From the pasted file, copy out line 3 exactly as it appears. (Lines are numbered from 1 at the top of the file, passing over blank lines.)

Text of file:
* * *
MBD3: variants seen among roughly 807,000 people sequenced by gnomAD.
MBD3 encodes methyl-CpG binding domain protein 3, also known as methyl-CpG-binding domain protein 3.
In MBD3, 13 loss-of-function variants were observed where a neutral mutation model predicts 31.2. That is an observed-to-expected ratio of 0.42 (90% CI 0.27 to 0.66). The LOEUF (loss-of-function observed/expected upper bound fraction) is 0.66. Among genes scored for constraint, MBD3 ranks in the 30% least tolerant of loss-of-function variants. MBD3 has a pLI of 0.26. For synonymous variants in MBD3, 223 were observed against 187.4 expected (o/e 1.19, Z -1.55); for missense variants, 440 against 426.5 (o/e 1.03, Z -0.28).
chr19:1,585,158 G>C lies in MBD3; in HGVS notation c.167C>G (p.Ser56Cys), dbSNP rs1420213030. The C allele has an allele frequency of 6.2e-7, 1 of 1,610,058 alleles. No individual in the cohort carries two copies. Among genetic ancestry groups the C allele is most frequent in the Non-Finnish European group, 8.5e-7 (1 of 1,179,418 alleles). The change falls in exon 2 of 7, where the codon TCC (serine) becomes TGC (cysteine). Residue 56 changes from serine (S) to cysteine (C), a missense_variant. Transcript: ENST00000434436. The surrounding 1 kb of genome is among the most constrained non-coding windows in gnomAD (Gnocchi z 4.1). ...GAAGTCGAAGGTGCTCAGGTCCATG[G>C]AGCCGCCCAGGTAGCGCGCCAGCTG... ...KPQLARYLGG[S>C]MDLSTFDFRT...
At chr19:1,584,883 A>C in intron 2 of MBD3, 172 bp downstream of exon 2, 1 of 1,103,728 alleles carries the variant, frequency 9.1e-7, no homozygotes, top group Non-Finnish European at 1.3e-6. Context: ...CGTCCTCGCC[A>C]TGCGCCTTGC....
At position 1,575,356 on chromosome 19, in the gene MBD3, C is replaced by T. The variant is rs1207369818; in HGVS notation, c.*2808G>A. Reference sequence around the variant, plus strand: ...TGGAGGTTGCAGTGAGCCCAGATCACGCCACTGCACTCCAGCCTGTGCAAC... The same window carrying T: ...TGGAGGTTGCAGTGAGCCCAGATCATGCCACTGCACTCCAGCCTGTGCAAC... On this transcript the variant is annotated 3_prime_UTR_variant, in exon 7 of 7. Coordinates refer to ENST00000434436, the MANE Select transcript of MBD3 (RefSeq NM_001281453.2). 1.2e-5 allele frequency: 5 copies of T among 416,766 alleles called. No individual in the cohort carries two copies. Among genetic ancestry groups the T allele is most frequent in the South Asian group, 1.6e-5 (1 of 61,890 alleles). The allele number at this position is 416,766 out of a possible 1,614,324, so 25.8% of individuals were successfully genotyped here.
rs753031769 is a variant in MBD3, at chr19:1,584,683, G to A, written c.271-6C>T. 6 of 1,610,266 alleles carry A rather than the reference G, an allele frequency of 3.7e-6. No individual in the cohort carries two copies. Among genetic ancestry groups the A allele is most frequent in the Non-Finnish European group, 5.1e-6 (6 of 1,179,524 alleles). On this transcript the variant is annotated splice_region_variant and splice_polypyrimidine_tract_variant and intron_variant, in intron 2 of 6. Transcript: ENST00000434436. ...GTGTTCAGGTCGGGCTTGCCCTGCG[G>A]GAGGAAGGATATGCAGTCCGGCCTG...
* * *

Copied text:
In MBD3, 13 loss-of-function variants were observed where a neutral mutation model predicts 31.2. That is an observed-to-expected ratio of 0.42 (90% CI 0.27 to 0.66). The LOEUF (loss-of-function observed/expected upper bound fraction) is 0.66. Among genes scored for constraint, MBD3 ranks in the 30% least tolerant of loss-of-function variants. MBD3 has a pLI of 0.26. For synonymous variants in MBD3, 223 were observed against 187.4 expected (o/e 1.19, Z -1.55); for missense variants, 440 against 426.5 (o/e 1.03, Z -0.28).